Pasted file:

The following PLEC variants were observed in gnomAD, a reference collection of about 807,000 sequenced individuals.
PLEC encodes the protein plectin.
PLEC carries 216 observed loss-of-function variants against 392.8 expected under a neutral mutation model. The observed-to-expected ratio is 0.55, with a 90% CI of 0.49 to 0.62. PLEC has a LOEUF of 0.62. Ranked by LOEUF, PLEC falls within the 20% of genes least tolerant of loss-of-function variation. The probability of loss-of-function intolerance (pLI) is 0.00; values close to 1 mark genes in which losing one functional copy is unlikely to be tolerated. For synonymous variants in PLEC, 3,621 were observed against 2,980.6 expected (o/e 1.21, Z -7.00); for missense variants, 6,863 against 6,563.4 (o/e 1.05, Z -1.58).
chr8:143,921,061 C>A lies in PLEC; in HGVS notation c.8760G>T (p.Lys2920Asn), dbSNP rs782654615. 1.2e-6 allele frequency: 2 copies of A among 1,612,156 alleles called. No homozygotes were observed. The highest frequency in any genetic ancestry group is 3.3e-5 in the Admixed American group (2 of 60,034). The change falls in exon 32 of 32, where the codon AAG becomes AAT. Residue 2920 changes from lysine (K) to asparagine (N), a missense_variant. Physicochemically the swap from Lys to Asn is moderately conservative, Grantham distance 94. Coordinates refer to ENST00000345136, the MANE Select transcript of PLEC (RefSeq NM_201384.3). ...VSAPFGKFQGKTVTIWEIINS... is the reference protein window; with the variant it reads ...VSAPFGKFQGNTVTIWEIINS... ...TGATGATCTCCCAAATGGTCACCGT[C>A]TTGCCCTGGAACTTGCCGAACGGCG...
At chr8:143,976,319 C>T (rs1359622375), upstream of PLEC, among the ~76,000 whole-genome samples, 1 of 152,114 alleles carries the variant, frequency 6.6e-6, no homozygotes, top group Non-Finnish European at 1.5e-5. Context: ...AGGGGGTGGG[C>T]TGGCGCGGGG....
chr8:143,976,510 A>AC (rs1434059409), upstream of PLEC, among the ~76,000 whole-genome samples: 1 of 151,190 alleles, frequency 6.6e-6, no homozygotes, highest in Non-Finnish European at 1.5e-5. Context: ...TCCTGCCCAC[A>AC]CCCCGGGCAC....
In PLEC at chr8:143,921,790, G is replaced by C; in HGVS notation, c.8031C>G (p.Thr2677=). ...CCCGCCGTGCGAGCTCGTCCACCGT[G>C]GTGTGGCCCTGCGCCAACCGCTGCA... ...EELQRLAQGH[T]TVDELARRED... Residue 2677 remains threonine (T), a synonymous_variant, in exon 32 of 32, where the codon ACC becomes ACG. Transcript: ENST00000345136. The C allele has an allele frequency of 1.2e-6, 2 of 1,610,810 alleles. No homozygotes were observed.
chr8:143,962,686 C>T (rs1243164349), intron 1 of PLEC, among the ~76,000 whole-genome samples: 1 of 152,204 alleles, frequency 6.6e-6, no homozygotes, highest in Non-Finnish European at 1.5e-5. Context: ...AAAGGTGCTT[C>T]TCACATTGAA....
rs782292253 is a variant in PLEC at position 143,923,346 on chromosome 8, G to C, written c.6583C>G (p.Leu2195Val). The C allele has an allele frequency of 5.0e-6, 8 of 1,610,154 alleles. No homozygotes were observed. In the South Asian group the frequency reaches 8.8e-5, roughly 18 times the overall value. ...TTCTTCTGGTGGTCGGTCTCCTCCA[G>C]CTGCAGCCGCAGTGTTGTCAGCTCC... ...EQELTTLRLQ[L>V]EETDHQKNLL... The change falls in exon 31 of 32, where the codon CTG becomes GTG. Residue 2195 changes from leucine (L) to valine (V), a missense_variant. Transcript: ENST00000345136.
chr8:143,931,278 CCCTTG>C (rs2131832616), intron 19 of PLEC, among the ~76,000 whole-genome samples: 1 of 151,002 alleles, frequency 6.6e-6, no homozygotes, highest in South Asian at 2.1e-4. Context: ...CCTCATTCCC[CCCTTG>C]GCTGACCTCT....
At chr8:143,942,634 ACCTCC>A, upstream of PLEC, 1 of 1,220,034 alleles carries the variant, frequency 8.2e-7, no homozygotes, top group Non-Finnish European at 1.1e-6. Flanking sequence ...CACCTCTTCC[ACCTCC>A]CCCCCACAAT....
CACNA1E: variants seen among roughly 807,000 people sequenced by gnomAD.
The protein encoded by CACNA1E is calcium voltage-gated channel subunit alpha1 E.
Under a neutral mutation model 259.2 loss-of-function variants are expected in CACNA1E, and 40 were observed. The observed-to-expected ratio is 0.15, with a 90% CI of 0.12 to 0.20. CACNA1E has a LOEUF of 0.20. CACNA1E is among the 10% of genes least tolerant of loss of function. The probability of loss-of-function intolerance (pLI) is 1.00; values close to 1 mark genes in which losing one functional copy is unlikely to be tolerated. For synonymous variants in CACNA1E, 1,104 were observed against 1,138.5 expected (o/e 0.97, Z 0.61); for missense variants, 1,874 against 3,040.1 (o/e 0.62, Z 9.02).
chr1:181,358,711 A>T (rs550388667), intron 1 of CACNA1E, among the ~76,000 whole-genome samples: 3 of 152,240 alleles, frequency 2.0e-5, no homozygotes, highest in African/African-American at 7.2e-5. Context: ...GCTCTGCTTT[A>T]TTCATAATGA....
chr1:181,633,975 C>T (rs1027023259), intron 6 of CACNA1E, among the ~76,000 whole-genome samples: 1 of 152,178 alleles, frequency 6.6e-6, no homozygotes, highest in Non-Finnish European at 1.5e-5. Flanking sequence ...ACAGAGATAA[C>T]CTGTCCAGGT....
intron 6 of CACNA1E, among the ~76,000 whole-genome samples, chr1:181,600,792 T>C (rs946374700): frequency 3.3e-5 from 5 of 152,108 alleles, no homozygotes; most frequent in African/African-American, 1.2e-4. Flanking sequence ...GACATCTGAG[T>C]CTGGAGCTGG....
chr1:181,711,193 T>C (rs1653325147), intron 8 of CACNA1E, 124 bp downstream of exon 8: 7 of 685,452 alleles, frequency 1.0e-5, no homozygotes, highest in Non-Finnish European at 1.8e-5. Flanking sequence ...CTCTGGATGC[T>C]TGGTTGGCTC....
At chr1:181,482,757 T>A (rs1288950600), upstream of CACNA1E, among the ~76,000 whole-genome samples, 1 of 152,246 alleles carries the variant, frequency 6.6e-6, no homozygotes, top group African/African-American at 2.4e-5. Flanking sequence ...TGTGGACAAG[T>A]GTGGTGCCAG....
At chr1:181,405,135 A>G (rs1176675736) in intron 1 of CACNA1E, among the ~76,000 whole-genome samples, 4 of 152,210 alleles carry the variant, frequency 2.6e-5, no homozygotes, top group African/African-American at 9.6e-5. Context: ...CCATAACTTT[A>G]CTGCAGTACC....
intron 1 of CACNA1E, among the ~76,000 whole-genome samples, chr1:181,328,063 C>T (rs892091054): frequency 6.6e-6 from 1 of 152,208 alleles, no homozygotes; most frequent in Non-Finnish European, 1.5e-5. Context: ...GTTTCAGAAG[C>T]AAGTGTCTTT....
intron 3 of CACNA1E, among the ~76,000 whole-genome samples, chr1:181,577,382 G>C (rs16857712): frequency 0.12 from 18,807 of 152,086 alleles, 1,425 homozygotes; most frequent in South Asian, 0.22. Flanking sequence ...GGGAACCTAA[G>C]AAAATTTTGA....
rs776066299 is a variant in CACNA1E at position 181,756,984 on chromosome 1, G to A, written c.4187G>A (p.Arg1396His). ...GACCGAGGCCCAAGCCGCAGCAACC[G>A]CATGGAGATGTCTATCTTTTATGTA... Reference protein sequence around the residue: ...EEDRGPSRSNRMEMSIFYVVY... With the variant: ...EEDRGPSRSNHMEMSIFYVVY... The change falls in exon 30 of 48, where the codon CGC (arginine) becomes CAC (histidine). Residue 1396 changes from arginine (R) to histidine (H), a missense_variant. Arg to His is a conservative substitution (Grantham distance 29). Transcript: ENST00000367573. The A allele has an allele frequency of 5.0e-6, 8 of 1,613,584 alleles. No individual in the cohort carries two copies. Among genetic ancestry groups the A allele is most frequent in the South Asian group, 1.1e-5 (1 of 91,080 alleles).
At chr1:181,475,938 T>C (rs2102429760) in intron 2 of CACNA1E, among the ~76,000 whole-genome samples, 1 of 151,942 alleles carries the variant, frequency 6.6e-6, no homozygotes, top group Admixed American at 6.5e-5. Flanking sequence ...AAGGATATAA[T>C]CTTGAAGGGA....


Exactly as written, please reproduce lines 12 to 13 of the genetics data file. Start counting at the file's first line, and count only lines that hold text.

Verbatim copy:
CACNA1E: variants seen among roughly 807,000 people sequenced by gnomAD.
The protein encoded by CACNA1E is calcium voltage-gated channel subunit alpha1 E.